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- Your Genes and Hearing Loss
- How the Ear Works
- Know the Power of Sound
- Noise-Induced Hearing Loss In Children
- Pediatric Obesity
- What You Should Know About Otosclerosis
- When Your Child Has Tinnitus
- Why Do Children Have Earaches?
- Infant Hearing Loss
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- Perforated Eardrum
- Swimmer's Ear
- Travel Tips for the Hearing Impaired
Some 45 percent of normal adults snore at least occasionally, and 25 percent are habitual snorers. Problem snoring is more frequent in males and overweight persons and it usually grows worse with age. Snoring sounds are caused by an obstruction to the free flow of air through the passages at the back of the mouth and nose.
Only recently have the adverse medical effects of snoring and its association with Obstructive Sleep Apnea (OSA) and Upper Airway Resistance Syndrome (UARS) been recognized. Various methods are used to alleviate snoring and/or OSA. They include behavior modification, sleep positioning, Continuous Positive Airway Pressure (CPAP), jaw adjustment techniques, Uvulopalatopharyngoplasty (UPPP), and Laser Assisted Uvula Palatoplasty (LAUP).
What Is Laser Assisted Uvula Palatoplasty (LAUP)?
LAUP allows treatment of snoring and mild OSA by removing the obstruction in your airway in an outpatient setting under local anesthesia. A laser is used to vaporize the uvula and a specified portion of the palate in a series of small procedures. LAUP is performed while you are positioned in an upright sitting position in an examination chair.
Before administration of anesthesia, you are informed that the back of your throat will become numb and that you will lose the sensation of swallowing and breathing. A local anesthesia is sprayed over the back oral cavity, soft palate, tonsils, and uvula followed by an injection of additional anesthesia in the muscle layer of the uvula. After several minutes, a CO2 laser is used to make both, vertical incisions in the palate on both sides of the uvula. The uvula is shortened, eliminating the obstruction that has contributed to the snoring.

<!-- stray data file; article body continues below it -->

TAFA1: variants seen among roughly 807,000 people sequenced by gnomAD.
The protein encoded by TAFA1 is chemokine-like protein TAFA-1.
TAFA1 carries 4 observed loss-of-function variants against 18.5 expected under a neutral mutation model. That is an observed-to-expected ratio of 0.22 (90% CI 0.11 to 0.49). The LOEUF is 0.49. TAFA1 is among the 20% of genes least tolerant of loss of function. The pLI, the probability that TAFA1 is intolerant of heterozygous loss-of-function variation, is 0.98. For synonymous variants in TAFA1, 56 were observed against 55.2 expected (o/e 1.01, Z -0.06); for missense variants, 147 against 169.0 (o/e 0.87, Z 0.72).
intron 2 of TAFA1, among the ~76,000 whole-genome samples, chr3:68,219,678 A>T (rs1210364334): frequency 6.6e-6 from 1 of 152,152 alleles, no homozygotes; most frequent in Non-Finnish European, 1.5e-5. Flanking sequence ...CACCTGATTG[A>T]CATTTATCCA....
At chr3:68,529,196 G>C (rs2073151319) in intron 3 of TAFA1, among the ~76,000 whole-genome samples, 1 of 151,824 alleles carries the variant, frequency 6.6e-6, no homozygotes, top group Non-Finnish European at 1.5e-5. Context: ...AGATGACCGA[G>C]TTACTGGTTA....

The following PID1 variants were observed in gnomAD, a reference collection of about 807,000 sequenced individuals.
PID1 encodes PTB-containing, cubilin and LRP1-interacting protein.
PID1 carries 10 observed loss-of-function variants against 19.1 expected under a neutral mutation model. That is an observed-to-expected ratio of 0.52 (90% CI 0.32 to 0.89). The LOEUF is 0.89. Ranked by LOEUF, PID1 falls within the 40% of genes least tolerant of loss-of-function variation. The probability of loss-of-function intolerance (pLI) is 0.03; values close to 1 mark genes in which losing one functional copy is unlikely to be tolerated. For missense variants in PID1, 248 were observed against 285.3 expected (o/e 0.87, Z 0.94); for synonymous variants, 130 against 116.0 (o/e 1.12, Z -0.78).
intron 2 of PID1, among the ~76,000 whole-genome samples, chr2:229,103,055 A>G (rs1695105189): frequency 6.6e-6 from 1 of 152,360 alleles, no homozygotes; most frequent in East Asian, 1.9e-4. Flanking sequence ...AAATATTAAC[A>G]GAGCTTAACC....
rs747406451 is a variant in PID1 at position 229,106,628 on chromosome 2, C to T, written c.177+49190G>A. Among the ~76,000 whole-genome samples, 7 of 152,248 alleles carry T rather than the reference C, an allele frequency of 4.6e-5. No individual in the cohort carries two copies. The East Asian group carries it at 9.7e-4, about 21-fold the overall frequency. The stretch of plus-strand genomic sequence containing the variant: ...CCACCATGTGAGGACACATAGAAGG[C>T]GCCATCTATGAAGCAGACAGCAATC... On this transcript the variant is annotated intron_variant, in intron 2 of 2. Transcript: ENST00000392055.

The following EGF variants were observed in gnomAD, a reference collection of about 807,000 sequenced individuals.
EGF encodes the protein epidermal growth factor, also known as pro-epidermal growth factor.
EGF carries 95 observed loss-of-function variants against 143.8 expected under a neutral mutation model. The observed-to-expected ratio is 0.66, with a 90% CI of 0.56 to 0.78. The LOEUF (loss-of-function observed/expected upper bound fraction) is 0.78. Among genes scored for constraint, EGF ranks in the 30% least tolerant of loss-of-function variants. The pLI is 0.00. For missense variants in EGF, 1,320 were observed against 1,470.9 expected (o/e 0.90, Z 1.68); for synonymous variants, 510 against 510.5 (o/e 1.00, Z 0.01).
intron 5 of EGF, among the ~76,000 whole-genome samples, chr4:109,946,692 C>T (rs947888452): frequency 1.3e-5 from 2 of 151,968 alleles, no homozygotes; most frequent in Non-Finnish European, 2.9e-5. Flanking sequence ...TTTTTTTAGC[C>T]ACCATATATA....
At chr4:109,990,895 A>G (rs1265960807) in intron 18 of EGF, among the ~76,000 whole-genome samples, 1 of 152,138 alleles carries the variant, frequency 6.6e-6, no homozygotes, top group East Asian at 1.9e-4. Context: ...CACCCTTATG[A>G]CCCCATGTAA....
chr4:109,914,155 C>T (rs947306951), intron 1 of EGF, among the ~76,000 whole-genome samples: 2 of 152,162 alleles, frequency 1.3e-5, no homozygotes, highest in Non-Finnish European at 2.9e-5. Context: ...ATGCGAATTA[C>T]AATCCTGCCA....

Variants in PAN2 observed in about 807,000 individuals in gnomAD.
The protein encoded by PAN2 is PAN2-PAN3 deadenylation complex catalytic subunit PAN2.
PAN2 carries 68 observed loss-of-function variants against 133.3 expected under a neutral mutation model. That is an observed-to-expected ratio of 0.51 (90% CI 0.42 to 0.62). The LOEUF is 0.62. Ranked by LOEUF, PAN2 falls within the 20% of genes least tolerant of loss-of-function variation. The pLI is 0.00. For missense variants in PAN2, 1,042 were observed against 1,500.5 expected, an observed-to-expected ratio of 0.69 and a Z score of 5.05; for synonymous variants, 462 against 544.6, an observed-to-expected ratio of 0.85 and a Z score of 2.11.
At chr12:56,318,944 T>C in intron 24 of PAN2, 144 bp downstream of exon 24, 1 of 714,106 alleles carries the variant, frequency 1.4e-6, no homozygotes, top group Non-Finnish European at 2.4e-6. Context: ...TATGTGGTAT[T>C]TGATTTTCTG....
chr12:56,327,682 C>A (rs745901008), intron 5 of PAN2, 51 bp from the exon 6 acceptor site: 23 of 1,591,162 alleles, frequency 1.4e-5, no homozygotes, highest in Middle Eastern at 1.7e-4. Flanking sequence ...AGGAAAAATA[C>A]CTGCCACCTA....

LAUP requires up to five treatments spaced four to eight weeks apart (although one to three are usual).
How Long Will It Take To Recover From LAUP?
If you undergo the LAUP procedure you can expect to return to a normal routine almost immediately. For the majority of those undergoing this procedure there will be swallowing pain similar to a severe sore throat. This discomfort lasts for approximately ten days and can be relieved by oral analgesic and anti-inflammatory medicines.
Improvement is noted by the reduction in or disappearance of your snoring.
Should You Consider LAUP?
If your snoring is habitual and disruptive to others, you may be a prime candidate for LAUP. Your otolaryngologist will evaluate you and ask the following questions:
- Do you snore loudly and disturb your family and friends?
- Do you have daytime sleepiness?
- Do you wake up frequently in the middle of the night?
- Do you have frequent episodes of obstructed breathing during sleep?
- Do you have morning headaches or tiredness?
Suitability for LAUP is determined after a review your health history, lifestyle factors (alcohol and tobacco intake as well as exercise), cardiovascular condition, and current medications in use. You will also receive a physical and otolaryngological (ear, nose, and throat) examination to evaluate the cause of the snoring.
Before the laser procedure is conducted, you will participate in a "sleep study," which will grade the level of actual snoring and sleep apnea. This will complete the evaluation necessary for prescribing the appropriate treatment for your needs.